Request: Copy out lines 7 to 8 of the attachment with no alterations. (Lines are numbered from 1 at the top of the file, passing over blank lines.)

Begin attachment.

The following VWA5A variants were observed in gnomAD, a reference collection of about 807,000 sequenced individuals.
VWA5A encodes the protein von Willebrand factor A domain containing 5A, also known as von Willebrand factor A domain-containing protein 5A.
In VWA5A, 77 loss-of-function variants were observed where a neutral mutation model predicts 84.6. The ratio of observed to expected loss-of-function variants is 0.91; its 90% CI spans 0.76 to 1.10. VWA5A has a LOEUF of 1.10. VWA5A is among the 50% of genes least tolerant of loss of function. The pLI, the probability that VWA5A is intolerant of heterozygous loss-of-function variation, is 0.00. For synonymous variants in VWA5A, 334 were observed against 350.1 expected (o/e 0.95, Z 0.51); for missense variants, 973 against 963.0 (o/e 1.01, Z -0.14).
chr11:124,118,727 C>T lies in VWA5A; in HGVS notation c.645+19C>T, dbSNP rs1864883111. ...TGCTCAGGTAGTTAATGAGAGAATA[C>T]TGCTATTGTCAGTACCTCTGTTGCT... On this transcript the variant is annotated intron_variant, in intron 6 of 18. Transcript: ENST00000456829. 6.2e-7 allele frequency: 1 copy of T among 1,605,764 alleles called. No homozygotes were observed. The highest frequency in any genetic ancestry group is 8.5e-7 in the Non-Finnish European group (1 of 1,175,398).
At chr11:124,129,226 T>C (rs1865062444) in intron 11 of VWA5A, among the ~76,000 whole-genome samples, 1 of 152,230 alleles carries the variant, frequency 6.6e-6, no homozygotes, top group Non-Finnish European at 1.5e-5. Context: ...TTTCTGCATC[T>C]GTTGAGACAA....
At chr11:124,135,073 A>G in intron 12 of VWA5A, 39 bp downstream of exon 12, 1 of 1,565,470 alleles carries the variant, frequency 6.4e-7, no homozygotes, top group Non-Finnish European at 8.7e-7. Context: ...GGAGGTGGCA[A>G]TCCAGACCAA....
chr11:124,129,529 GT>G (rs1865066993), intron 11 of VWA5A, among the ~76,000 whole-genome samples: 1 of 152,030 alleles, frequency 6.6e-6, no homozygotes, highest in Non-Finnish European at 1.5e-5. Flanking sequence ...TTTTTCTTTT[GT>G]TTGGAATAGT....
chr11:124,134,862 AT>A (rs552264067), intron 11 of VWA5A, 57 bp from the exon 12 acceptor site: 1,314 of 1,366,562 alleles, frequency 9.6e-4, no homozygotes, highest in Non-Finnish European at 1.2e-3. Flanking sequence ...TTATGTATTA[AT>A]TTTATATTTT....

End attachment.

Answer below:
chr11:124,129,529 GT>G (rs1865066993), intron 11 of VWA5A, among the ~76,000 whole-genome samples: 1 of 152,030 alleles, frequency 6.6e-6, no homozygotes, highest in Non-Finnish European at 1.5e-5. Flanking sequence ...TTTTTCTTTT[GT>G]TTGGAATAGT....
chr11:124,134,862 AT>A (rs552264067), intron 11 of VWA5A, 57 bp from the exon 12 acceptor site: 1,314 of 1,366,562 alleles, frequency 9.6e-4, no homozygotes, highest in Non-Finnish European at 1.2e-3. Flanking sequence ...TTATGTATTA[AT>A]TTTATATTTT....